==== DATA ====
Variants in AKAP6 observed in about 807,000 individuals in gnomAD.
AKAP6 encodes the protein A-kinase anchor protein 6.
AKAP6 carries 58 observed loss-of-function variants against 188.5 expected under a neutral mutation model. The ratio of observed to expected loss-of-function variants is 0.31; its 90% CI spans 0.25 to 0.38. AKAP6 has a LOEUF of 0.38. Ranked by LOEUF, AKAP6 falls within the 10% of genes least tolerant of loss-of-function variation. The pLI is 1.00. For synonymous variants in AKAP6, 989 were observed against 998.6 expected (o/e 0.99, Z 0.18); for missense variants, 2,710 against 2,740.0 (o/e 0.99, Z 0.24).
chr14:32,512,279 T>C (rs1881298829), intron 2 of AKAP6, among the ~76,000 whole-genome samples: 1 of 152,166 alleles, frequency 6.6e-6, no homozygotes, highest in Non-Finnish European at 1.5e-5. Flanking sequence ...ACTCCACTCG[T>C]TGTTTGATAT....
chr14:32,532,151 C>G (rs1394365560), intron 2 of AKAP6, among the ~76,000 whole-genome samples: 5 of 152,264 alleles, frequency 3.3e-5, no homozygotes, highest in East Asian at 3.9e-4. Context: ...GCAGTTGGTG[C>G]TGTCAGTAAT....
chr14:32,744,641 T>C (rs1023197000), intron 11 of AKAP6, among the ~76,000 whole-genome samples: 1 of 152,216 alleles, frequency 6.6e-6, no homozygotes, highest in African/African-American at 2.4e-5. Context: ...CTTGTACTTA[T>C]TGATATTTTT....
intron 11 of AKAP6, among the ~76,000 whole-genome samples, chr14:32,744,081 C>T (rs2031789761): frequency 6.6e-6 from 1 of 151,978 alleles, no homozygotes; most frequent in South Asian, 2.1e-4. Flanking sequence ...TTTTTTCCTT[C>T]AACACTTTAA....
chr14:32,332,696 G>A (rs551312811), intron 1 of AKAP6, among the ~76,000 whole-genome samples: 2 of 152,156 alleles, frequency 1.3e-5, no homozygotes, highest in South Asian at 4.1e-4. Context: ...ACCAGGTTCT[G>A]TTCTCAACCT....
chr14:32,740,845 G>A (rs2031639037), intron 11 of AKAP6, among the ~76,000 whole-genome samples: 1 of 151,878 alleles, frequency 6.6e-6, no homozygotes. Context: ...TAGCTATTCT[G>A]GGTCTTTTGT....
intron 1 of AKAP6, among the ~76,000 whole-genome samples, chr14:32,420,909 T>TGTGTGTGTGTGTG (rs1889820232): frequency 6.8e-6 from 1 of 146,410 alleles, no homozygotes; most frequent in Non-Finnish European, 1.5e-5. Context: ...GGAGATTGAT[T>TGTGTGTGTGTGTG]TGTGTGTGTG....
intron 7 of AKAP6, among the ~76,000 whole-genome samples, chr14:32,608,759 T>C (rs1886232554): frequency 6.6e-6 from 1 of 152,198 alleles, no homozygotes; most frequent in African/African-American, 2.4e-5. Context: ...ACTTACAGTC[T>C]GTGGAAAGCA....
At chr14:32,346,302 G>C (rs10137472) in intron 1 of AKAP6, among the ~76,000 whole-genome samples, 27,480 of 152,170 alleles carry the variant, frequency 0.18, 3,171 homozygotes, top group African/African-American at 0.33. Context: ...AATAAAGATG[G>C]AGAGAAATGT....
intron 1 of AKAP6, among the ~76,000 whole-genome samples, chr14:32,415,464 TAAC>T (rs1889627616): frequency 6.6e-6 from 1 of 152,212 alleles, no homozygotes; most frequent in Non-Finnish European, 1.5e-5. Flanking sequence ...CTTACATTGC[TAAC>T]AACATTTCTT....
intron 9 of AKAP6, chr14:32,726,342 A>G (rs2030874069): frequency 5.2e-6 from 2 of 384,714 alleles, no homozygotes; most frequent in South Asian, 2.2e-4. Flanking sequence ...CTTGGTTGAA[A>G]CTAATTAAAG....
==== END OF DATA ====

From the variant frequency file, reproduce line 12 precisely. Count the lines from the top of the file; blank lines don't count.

At chr14:32,346,302 G>C (rs10137472) in intron 1 of AKAP6, among the ~76,000 whole-genome samples, 27,480 of 152,170 alleles carry the variant, frequency 0.18, 3,171 homozygotes, top group African/African-American at 0.33. Context: ...AATAAAGATG[G>C]AGAGAAATGT....